So with that huge caveat here are some of my tentative predictions for what may happen during the course of the year (really nailing my colours to the mast here, amn’t I?)

    Reshuffle: Brian Lenihan’s illness has complicated this. He will be making the announcement on his political future within a couple of hours and what he says will govern Brian Cowen’s thinking on the composition of wider Government. A Spring reshuffle was never on the cards anyway. Cowen has survived 2009 and needed as much stabilitiy in 2010 as possible. A reshuffle with all the commotion it would cause was not politically smart. Nor would it serve any strategic purpose. The Government wants to steady the ship and hope for improvements during 2010 (a return to growth, a plateau on unemployment rates). And then, with a view to a 2012 election, the reshuffle will take place in the autumn or (more likely) early 2011 to allow the Government give a sense of renewal and energy etc in the run up to the election.

    Will the Government survive 2010?


    Will it retain the seat vacated by Pat the Cope in Donegal South West?

    No. But Senator Brian O Domhnaill (an Taoiseach as he’s called locally) isn’t a bad candidate at all. He’s young, energetic, personable and has a large personal following in the constituency. The seat should be Pearse Doherty’s for the taking. Nationally, Sinn Fein are going nowhere. The party has been unable to find a new direction or purpose in the South  for a new post-peace process era. Border counties – because of their proximity to the North of course -  are different. Doherty should have won a seat in 2007 and should win the seat now. Fine Gael would  need a very strong candidate to win the sea. It’s likely that their candidate will come from the south of the county and not from the Gaeltacht areas surrounding Gweedore. Prediction Sinn Fein.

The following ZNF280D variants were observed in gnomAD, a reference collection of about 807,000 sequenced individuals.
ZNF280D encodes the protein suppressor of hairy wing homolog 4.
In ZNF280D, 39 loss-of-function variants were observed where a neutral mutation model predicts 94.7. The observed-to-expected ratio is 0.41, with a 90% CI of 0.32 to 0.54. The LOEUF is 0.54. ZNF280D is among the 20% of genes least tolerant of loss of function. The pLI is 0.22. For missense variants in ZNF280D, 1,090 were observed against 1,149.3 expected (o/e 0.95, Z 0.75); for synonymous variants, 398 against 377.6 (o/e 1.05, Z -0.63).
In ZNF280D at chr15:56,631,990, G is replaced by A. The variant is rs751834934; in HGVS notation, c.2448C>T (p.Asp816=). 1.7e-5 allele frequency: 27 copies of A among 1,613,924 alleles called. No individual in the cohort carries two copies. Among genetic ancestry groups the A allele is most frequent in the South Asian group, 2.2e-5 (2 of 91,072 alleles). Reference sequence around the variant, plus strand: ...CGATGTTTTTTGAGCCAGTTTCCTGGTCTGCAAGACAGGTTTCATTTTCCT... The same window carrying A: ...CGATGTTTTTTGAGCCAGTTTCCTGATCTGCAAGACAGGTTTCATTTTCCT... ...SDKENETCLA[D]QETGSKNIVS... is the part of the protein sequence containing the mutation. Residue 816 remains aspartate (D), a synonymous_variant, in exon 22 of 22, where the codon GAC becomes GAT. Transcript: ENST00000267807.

British elections: They will be held in May and the Tories will win. Not by much. But they will win. I just can’t see Labour getting a fourth term.

    Irish elections: When the elections are held (in 2012) it will be the same. Only a miraculous recovery for the economy will win Fianna Fail the election. They shouldn’t have won it in 2007. The only reason that Fine Gael didn’t win was the electorate was not convinced that Enda Kenny had the grit to become Taoiseach. Those doubts about his wherewithal have been addressed to a certain extent since then. Cowen’s credibility on the other hand has gone downhill. Fianna Fail and the Greens will view the 2012 election as a salvage operation.

    • Desmond FitzGerald says:

      I don’t see the Tories winning in May. There is no buzz at all about them. It’s a case of wanting to punish Labour but not wanting to bite off the nose to spite the face. Once the election date looms people will focus on the reality of a Tory government. Those who actually make the effort to vote are old enough to remember what a Tory government was like and the more they see the potential Tory cabinet of Etonians lecture people on cutbacks etc when those same people have lived off inherited wealth all their lives then they’ll realise Labour – for all its failings – isn’t too bad.